- Increase understanding between people of religious and non-religious beliefs
The term ‘inter faith’ in Inter Faith Week is to describe the interactions between different faith communities and traditions and their members. In this context, it also refers to being inclusive of non-religious beliefs. We thought that this year’s Inter Faith Week is a good opportunity for us to share our thoughts on faith at the workplace and on how organisations can do more about it.
Be it accommodations to the dress code, to the work/ prayer timings or particular food in the canteen, religion at the workplace is a widely nuanced concept. It thus needs open and honest conversations to approach true inclusion and psychological safety. However, talking about religion can be sensitive, personal and tricky at times. In some countries, faith is strongly linked with people’s identities and way of life itself. However, by pushing this topic under the rug, we risk exacerbating discrimination and marginalisation. We may end up sticking to the assumptions and often false stereotypes about religions and religious groups that we don’t have much knowledge of. Carrying these can translate into committing microaggressions or even overt acts of racism at work, and we may end up alienating people from religious minorities and their experiences.
The key thing is to strike a balance between genuine curiosity and nosey, offensive questioning.
What can be done about it?
As an individual in an organisation, or even society, you can set the tone for those around you by creating an inclusive culture that values people for being human, regardless of their intersectional identities. This might seem challenging and even daunting in the beginning, but the journey of 10,000 miles began with a single step. So focus on your conscious and consistent effort.
Talking about religion at work doesn’t imply engaging in theological arguments or comparing which faith is better or worse. It refers to people from diverse religious backgrounds sharing their identities at work, connecting with others and feeling like they belong.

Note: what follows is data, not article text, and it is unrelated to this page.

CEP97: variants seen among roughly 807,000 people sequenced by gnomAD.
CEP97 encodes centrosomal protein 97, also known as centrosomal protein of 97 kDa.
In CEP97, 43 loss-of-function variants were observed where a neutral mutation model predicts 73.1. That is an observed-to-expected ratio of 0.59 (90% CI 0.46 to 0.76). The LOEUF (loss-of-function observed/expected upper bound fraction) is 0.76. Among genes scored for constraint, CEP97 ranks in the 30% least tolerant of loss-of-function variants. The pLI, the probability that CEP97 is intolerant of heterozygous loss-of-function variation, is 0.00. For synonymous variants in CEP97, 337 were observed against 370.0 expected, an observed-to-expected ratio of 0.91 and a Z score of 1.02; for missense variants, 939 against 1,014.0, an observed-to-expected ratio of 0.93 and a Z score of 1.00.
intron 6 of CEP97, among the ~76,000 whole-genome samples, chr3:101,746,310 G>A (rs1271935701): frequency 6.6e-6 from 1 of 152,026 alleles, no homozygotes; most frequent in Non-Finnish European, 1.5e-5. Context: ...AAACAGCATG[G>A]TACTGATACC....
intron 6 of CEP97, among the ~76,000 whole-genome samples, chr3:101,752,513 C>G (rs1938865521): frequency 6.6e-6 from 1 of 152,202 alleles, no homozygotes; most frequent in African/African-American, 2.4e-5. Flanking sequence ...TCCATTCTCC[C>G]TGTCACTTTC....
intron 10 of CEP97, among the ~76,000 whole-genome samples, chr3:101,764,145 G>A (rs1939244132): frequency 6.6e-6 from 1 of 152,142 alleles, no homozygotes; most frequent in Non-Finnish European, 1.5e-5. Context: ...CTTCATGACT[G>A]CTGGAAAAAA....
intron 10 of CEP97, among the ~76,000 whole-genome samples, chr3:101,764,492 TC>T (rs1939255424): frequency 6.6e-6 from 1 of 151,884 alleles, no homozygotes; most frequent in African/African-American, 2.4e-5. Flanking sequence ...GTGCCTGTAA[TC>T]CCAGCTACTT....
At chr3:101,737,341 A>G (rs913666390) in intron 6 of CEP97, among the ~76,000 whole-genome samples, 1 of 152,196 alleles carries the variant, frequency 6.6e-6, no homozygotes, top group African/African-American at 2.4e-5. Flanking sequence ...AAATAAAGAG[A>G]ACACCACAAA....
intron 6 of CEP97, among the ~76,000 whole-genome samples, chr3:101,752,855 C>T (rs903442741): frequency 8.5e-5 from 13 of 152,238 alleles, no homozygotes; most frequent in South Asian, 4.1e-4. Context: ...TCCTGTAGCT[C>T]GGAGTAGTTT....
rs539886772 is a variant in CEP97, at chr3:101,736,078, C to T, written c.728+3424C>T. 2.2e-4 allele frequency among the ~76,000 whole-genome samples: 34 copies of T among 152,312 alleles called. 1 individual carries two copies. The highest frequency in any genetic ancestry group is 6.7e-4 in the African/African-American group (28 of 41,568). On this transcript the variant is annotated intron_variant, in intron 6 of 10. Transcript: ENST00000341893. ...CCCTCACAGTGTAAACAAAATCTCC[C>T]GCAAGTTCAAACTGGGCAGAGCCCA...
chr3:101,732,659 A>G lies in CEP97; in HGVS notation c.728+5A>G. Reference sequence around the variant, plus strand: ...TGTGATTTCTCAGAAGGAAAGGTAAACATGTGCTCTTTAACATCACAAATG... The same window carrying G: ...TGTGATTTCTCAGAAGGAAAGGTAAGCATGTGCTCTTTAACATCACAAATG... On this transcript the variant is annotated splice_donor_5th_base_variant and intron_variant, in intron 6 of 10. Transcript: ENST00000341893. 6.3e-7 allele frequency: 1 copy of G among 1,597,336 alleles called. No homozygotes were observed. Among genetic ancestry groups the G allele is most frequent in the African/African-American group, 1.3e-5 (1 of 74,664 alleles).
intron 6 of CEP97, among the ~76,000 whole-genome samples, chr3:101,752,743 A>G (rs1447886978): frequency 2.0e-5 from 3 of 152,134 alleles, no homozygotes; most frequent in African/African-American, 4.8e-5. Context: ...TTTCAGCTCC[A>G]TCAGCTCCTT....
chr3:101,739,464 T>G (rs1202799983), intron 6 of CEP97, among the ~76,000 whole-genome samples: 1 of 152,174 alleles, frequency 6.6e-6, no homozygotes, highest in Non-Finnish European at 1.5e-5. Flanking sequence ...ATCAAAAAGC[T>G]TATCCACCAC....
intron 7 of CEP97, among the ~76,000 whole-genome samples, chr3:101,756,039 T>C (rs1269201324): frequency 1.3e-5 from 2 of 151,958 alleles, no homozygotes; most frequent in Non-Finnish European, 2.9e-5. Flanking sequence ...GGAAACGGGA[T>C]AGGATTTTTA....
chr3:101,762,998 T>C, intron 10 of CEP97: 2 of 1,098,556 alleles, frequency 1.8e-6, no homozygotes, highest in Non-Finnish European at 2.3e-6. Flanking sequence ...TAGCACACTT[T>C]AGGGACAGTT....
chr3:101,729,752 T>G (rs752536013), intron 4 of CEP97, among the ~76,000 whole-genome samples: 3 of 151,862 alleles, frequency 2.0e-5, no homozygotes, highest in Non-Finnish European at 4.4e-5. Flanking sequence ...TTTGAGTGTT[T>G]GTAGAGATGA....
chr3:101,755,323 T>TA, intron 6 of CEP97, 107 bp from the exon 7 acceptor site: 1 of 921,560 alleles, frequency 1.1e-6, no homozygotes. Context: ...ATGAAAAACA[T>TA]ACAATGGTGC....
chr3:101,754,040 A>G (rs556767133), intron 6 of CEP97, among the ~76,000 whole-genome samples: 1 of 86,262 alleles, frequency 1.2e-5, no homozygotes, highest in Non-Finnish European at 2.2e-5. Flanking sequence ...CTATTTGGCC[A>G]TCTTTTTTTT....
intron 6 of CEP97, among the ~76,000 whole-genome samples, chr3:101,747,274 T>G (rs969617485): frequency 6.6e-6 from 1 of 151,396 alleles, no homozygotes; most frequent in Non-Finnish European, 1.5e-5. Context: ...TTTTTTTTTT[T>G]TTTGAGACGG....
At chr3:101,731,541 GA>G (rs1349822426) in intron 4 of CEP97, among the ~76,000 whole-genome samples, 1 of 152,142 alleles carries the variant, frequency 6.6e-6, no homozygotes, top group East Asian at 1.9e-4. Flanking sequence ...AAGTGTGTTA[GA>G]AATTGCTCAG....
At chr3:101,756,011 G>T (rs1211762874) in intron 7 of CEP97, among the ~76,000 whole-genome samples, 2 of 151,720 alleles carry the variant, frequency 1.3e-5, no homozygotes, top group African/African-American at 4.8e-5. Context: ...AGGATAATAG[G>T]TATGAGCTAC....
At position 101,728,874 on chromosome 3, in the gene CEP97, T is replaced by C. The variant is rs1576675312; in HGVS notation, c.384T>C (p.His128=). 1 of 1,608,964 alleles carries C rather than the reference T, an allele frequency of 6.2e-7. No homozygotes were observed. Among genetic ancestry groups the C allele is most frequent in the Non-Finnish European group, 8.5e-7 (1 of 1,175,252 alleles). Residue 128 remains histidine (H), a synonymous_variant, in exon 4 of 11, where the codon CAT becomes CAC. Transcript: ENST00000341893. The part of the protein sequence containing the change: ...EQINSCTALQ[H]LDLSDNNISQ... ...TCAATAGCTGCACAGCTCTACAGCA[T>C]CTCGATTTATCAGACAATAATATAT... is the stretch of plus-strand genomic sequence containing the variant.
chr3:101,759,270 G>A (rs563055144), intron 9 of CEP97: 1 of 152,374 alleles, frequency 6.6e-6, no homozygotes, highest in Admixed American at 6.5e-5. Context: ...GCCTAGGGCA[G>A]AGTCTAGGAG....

An article by Harvard Business Review (2022) suggests three actions to take to tactfully approach religious diversity and inclusion at work. We have added one action to start the list:
- Understand the position of faith in your organisation
Identifying your organisation’s position on faith can help you create open, non-threatening environments for employees to bring their whole selves to work – including their faith. David Miller from Princeton University’s Faith at Work Initiative created a model to determine the four main positions that organisations take.
Following are the four main postures (Haanen, 2017):
- Faith-avoiding – Active decision to avoid topics related to faith or religion. “That’s not appropriate here,” is the message, either overtly or implicitly.
- Faith-tolerant – Religion is tolerated but not embraced. Instead of avoiding the topic, employees’ personal beliefs inform their work and job responsibilities, and accommodations are made.
- Faith-based – The faith of the founders or leaders is woven into the day-to-day operations of the company like in Chick-Fil-A. They are overt about their faith, beliefs and symbols.
- Faith-friendly – Everybody’s ultimate beliefs (theist, secular, atheist or agnostic) are welcome. Topics of faith are neither avoided nor merely tolerated. Instead, active conversations about beliefs, backgrounds, and religious faith are welcomed.